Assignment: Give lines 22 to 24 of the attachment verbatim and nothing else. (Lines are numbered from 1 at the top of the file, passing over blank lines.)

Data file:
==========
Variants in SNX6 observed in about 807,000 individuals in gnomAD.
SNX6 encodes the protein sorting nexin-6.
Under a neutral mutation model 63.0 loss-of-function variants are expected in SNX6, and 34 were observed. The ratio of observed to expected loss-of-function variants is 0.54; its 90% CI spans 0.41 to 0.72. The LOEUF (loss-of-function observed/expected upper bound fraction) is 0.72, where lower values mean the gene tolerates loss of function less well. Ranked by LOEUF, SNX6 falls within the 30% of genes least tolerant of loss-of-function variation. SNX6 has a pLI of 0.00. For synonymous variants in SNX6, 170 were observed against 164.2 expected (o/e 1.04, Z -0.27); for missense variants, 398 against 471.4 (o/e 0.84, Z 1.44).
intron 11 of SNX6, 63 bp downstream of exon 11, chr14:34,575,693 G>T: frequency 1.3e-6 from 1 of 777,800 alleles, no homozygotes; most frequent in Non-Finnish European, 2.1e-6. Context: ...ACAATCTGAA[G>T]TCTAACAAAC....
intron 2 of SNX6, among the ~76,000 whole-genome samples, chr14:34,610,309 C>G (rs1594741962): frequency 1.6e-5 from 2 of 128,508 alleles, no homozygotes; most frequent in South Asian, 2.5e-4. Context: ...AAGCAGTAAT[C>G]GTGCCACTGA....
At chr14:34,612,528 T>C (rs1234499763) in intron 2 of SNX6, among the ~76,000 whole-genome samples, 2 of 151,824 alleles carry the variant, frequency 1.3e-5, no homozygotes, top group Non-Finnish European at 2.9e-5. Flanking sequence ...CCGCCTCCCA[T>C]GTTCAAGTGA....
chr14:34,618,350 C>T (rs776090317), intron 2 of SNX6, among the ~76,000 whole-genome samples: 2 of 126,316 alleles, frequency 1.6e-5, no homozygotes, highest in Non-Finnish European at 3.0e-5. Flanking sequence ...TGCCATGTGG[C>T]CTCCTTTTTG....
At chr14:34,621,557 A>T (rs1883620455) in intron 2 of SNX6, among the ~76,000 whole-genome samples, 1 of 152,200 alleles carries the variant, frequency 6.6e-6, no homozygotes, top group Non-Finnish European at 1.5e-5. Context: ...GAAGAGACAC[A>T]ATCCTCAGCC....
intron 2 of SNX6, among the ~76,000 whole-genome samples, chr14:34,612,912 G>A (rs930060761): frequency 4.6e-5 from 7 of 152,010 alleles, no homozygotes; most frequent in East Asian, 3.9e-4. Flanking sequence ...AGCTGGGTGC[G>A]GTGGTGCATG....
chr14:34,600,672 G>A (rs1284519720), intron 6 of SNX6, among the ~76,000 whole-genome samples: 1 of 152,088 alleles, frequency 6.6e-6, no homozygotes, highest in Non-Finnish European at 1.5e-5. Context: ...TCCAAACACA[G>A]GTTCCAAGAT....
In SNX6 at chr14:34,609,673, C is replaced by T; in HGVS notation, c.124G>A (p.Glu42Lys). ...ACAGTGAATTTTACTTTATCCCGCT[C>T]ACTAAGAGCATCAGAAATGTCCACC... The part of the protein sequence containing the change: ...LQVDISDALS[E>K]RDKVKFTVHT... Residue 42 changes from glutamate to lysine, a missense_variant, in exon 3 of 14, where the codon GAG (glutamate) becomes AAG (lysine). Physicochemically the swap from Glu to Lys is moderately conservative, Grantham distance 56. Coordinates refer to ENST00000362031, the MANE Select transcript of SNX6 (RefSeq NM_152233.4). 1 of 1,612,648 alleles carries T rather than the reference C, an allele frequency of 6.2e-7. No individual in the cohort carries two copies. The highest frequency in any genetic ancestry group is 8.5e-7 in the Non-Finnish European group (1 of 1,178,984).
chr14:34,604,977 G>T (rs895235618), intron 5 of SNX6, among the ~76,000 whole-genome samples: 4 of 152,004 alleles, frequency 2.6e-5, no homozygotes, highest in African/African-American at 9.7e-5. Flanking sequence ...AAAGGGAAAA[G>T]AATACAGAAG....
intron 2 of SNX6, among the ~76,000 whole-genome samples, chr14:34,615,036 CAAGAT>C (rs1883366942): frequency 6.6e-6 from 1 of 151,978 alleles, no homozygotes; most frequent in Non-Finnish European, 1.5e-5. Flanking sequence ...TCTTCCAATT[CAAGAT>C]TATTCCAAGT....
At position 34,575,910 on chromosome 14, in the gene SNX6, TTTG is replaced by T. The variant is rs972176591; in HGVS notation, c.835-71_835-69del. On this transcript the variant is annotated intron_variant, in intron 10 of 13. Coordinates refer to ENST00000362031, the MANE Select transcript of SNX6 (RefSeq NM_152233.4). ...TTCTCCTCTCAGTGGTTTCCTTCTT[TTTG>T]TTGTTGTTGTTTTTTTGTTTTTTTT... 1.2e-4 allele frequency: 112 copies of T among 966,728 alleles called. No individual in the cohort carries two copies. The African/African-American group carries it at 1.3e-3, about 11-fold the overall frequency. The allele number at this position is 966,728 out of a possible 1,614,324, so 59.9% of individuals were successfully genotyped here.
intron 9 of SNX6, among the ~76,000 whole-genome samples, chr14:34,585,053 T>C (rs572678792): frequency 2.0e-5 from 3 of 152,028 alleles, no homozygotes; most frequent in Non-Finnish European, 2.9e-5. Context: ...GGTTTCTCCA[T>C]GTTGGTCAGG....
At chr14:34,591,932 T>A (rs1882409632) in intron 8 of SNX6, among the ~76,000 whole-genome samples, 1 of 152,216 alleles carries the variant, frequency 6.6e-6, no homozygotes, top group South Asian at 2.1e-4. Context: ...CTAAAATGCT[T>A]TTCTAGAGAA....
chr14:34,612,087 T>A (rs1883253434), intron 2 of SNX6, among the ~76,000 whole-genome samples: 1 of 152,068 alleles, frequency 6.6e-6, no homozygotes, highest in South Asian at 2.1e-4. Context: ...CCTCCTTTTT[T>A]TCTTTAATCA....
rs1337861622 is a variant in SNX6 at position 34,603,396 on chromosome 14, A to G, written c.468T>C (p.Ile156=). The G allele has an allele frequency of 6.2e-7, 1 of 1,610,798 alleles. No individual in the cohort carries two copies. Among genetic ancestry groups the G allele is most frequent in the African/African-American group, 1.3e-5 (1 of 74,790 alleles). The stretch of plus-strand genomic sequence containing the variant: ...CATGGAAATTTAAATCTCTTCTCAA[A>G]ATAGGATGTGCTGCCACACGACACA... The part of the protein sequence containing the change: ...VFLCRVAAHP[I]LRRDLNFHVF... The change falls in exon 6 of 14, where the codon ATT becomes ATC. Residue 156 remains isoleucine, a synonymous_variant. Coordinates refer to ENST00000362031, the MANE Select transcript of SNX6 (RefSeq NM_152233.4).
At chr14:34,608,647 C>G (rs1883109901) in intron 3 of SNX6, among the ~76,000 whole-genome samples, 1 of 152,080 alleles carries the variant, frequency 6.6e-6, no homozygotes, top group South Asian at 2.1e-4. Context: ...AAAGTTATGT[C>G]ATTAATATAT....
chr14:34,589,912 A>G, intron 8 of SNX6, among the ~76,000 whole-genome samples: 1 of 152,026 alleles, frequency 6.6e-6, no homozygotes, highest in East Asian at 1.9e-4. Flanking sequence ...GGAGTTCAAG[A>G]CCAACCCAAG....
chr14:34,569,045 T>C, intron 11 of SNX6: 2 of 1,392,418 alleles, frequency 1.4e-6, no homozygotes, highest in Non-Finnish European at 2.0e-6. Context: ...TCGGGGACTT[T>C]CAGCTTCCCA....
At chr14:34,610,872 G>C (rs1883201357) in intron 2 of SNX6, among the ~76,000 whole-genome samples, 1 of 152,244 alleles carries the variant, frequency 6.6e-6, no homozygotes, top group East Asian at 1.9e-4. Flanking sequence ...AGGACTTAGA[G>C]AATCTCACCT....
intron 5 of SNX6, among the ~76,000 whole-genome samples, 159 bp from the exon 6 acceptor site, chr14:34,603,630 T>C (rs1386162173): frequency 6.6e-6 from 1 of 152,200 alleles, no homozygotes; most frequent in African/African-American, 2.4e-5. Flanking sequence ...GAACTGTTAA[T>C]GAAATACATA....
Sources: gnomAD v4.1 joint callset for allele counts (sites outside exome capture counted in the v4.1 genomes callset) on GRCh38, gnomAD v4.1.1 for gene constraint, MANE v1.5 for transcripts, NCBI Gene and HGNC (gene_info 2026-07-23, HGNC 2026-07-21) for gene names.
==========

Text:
At chr14:34,610,872 G>C (rs1883201357) in intron 2 of SNX6, among the ~76,000 whole-genome samples, 1 of 152,244 alleles carries the variant, frequency 6.6e-6, no homozygotes, top group East Asian at 1.9e-4. Flanking sequence ...AGGACTTAGA[G>C]AATCTCACCT....
intron 5 of SNX6, among the ~76,000 whole-genome samples, 159 bp from the exon 6 acceptor site, chr14:34,603,630 T>C (rs1386162173): frequency 6.6e-6 from 1 of 152,200 alleles, no homozygotes; most frequent in African/African-American, 2.4e-5. Flanking sequence ...GAACTGTTAA[T>C]GAAATACATA....
Sources: gnomAD v4.1 joint callset for allele counts (sites outside exome capture counted in the v4.1 genomes callset) on GRCh38, gnomAD v4.1.1 for gene constraint, MANE v1.5 for transcripts, NCBI Gene and HGNC (gene_info 2026-07-23, HGNC 2026-07-21) for gene names.